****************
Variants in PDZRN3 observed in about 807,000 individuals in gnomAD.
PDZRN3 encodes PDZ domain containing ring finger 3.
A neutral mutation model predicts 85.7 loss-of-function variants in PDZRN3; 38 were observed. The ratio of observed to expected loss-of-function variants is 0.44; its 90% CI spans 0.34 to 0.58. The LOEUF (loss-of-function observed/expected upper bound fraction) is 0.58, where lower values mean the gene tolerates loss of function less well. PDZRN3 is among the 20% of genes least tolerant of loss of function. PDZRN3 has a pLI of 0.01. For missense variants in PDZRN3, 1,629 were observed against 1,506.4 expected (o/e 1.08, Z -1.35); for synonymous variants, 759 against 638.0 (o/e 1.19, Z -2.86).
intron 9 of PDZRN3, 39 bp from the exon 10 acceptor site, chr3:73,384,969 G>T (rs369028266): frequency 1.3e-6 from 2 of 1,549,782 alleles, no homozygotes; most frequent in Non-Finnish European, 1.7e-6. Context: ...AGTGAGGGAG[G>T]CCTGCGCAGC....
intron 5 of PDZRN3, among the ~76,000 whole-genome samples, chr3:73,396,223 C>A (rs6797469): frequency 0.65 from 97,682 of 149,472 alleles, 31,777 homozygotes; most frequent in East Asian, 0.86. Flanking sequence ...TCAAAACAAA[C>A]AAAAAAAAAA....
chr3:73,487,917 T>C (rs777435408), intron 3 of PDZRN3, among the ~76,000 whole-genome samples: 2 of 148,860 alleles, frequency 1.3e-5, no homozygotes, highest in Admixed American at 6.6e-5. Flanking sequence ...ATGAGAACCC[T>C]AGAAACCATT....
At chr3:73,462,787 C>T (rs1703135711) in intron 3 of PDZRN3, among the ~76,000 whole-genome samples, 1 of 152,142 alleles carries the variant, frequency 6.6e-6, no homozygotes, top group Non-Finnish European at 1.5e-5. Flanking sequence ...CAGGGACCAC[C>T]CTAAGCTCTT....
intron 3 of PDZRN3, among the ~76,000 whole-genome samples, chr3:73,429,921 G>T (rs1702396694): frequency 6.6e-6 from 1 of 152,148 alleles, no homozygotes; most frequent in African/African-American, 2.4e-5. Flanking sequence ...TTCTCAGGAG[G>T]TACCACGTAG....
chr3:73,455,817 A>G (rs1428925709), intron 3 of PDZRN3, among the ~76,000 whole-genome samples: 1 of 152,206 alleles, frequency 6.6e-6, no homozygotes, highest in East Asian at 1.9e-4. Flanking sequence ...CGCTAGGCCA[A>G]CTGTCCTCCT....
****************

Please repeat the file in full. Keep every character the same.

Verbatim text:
Variants in PDZRN3 observed in about 807,000 individuals in gnomAD.
PDZRN3 encodes PDZ domain containing ring finger 3.
A neutral mutation model predicts 85.7 loss-of-function variants in PDZRN3; 38 were observed. The ratio of observed to expected loss-of-function variants is 0.44; its 90% CI spans 0.34 to 0.58. The LOEUF (loss-of-function observed/expected upper bound fraction) is 0.58, where lower values mean the gene tolerates loss of function less well. PDZRN3 is among the 20% of genes least tolerant of loss of function. PDZRN3 has a pLI of 0.01. For missense variants in PDZRN3, 1,629 were observed against 1,506.4 expected (o/e 1.08, Z -1.35); for synonymous variants, 759 against 638.0 (o/e 1.19, Z -2.86).
intron 9 of PDZRN3, 39 bp from the exon 10 acceptor site, chr3:73,384,969 G>T (rs369028266): frequency 1.3e-6 from 2 of 1,549,782 alleles, no homozygotes; most frequent in Non-Finnish European, 1.7e-6. Context: ...AGTGAGGGAG[G>T]CCTGCGCAGC....
intron 5 of PDZRN3, among the ~76,000 whole-genome samples, chr3:73,396,223 C>A (rs6797469): frequency 0.65 from 97,682 of 149,472 alleles, 31,777 homozygotes; most frequent in East Asian, 0.86. Flanking sequence ...TCAAAACAAA[C>A]AAAAAAAAAA....
chr3:73,487,917 T>C (rs777435408), intron 3 of PDZRN3, among the ~76,000 whole-genome samples: 2 of 148,860 alleles, frequency 1.3e-5, no homozygotes, highest in Admixed American at 6.6e-5. Flanking sequence ...ATGAGAACCC[T>C]AGAAACCATT....
At chr3:73,462,787 C>T (rs1703135711) in intron 3 of PDZRN3, among the ~76,000 whole-genome samples, 1 of 152,142 alleles carries the variant, frequency 6.6e-6, no homozygotes, top group Non-Finnish European at 1.5e-5. Flanking sequence ...CAGGGACCAC[C>T]CTAAGCTCTT....
intron 3 of PDZRN3, among the ~76,000 whole-genome samples, chr3:73,429,921 G>T (rs1702396694): frequency 6.6e-6 from 1 of 152,148 alleles, no homozygotes; most frequent in African/African-American, 2.4e-5. Flanking sequence ...TTCTCAGGAG[G>T]TACCACGTAG....
chr3:73,455,817 A>G (rs1428925709), intron 3 of PDZRN3, among the ~76,000 whole-genome samples: 1 of 152,206 alleles, frequency 6.6e-6, no homozygotes, highest in East Asian at 1.9e-4. Flanking sequence ...CGCTAGGCCA[A>G]CTGTCCTCCT....